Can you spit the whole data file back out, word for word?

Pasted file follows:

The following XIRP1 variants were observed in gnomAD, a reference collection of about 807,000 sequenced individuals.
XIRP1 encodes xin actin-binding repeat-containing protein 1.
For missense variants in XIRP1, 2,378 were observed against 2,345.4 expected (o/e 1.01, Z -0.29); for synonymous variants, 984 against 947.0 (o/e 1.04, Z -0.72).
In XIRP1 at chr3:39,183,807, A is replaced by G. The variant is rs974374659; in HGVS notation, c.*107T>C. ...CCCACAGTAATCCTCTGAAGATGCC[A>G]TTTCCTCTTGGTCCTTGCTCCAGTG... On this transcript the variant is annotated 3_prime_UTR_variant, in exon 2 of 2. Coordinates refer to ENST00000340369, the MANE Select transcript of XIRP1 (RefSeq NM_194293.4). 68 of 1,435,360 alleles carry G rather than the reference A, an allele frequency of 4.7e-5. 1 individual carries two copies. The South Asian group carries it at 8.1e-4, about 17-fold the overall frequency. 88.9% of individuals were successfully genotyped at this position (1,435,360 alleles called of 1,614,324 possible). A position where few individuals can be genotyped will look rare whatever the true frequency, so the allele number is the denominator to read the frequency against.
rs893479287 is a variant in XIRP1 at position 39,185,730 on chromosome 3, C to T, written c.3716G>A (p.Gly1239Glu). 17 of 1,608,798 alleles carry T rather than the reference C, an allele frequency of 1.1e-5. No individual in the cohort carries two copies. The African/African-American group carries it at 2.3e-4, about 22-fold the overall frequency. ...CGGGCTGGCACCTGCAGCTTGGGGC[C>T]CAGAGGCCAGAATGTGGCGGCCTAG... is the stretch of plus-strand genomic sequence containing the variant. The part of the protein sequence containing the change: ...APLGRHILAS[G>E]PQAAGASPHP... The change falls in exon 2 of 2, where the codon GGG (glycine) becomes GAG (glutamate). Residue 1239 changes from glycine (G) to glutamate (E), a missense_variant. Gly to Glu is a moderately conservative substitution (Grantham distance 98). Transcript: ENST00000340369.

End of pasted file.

The following XIRP1 variants were observed in gnomAD, a reference collection of about 807,000 sequenced individuals.
XIRP1 encodes xin actin-binding repeat-containing protein 1.
For missense variants in XIRP1, 2,378 were observed against 2,345.4 expected (o/e 1.01, Z -0.29); for synonymous variants, 984 against 947.0 (o/e 1.04, Z -0.72).
In XIRP1 at chr3:39,183,807, A is replaced by G. The variant is rs974374659; in HGVS notation, c.*107T>C. ...CCCACAGTAATCCTCTGAAGATGCC[A>G]TTTCCTCTTGGTCCTTGCTCCAGTG... On this transcript the variant is annotated 3_prime_UTR_variant, in exon 2 of 2. Coordinates refer to ENST00000340369, the MANE Select transcript of XIRP1 (RefSeq NM_194293.4). 68 of 1,435,360 alleles carry G rather than the reference A, an allele frequency of 4.7e-5. 1 individual carries two copies. The South Asian group carries it at 8.1e-4, about 17-fold the overall frequency. 88.9% of individuals were successfully genotyped at this position (1,435,360 alleles called of 1,614,324 possible). A position where few individuals can be genotyped will look rare whatever the true frequency, so the allele number is the denominator to read the frequency against.
rs893479287 is a variant in XIRP1 at position 39,185,730 on chromosome 3, C to T, written c.3716G>A (p.Gly1239Glu). 17 of 1,608,798 alleles carry T rather than the reference C, an allele frequency of 1.1e-5. No individual in the cohort carries two copies. The African/African-American group carries it at 2.3e-4, about 22-fold the overall frequency. ...CGGGCTGGCACCTGCAGCTTGGGGC[C>T]CAGAGGCCAGAATGTGGCGGCCTAG... is the stretch of plus-strand genomic sequence containing the variant. The part of the protein sequence containing the change: ...APLGRHILAS[G>E]PQAAGASPHP... The change falls in exon 2 of 2, where the codon GGG (glycine) becomes GAG (glutamate). Residue 1239 changes from glycine (G) to glutamate (E), a missense_variant. Gly to Glu is a moderately conservative substitution (Grantham distance 98). Transcript: ENST00000340369.